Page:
Originally Posted by morepowerTV
Its a pretty natural grey wall maybe ill see how the viva bright does. I have some generic 1024X768 resolution projector my new one is supposed to be here tomorrow. So moving to 1280X800 should help
Id love to move to a full 1080P but they are all out of my budget right now.
-Id prefer the image to be a little light forgiving right now its not at all. Mainly so if im eating watching a movie I can have some basic light just not on the screen while I eat.
Id like to see better color representation and a better contrast between colors
Id like to use the board as I dont own this so id rather not paint the wall.
Id love to just paint on the wall but it just seems like a hassle to repaint over in a year.
I figure a screen that is smooth would also give better pic the wall has a rough surface one of those new where they add just a little so its not just flat.
Problem I guess with a board is that my screen size is pretty big so I would likely have to put several together as I doubt they come in the size I have projected. IM not even sure how bit it is.
I've heard good things about the ViewSonic pjd7827 which is bright, accurate, flexible and full 1080p at around $500, but I don't think you can find 1080p at much under that price-range.
Your plain grey wall is naturally decent at taming reflections and about as good as it gets against lights coming from near the projector/seats since lights in those places can't be fought effectively by a screen without it also fighting the projector at the same time by dimming the image.
A light-fighting/ALR screen (one that isn't just plain flat/matte grey) is mostly good at fighting lights hitting it at angles such as lights coming in from the sides and steeply above/below..so you might need to keep low expectations for what a screen can do for a low-lumen projector with lights near the seats/projector.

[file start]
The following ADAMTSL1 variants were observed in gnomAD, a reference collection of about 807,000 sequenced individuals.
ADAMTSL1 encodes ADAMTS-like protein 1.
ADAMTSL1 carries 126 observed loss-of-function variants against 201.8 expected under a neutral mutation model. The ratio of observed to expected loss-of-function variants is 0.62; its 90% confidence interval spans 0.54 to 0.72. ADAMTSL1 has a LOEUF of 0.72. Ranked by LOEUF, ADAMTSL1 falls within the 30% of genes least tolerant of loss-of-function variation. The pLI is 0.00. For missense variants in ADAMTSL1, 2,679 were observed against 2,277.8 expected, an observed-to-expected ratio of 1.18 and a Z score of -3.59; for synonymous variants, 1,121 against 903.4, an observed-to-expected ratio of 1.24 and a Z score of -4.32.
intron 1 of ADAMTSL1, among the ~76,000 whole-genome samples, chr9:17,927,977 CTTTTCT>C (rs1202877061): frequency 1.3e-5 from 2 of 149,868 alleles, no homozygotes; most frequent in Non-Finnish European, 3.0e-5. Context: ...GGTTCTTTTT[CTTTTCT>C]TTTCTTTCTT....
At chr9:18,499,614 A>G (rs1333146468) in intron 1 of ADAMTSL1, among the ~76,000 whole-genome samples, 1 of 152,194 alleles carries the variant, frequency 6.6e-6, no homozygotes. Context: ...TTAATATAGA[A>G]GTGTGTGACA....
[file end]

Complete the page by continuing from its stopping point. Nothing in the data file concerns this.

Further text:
It can still help, but likely less than you'd like or expect it to.
Because your wall/screen is already pretty neutral and dark-colored, you'll mostly get improvements in color accuracy and contrast from a more accurate and higher-contrast projector (usually easiest with an RGB DLP because non-RGB DLPs are less accurate and affordable LCDs are lower-contrast).
It's harder and more expensive finding panels over larger than 48inch x 96inch (about as tall as a 100"-diagonal 16:9 screen or wide as a 110"-diagonal 16:9)..so painting the wall may be something to consider if you want to go larger than that for very little money. Usually the next cheapest option is either 5x8 or 5x10 drywall (which is pretty heavy and brittle) or a wooden/poplar frame and BlackOutCloth..but BlackOutCloth is often only available at only 54inches-tall unless you pay a lot extra for a specialty size.
A very non-shiny/flat-finish paint can make a textured wall/surface look surprisingly smooth, but you're right that a smooth surface can be even sharper, AND you'll need a smooth surface (and smooth paintjob) if you decide to use a mix that helps against off-axis lights (like a metallic or metallic and poly mix with paint).
For metallic paints, I'm familiar with Rustoleum Metallic Accents(sterlingsilver and pearl, etc), RalphLauren and PPG tintable silver metallic and FolkArt..but the FolkArt which works great sprayed, I haven't had much luck rolling it on..and I'm guessing you're rolling instead of spraying.
Let me know if you find your new projector to be brighter or dimmer than your old one (brighter will definitely help when watching with lights near the seats), and try to measure your image-size...and see if any of those metallics I listed above are available at a liveable price or if you'll need to use something random and more local if you decide to make the screen more aggressive against off-axis lights (lights farther from the projector/seats).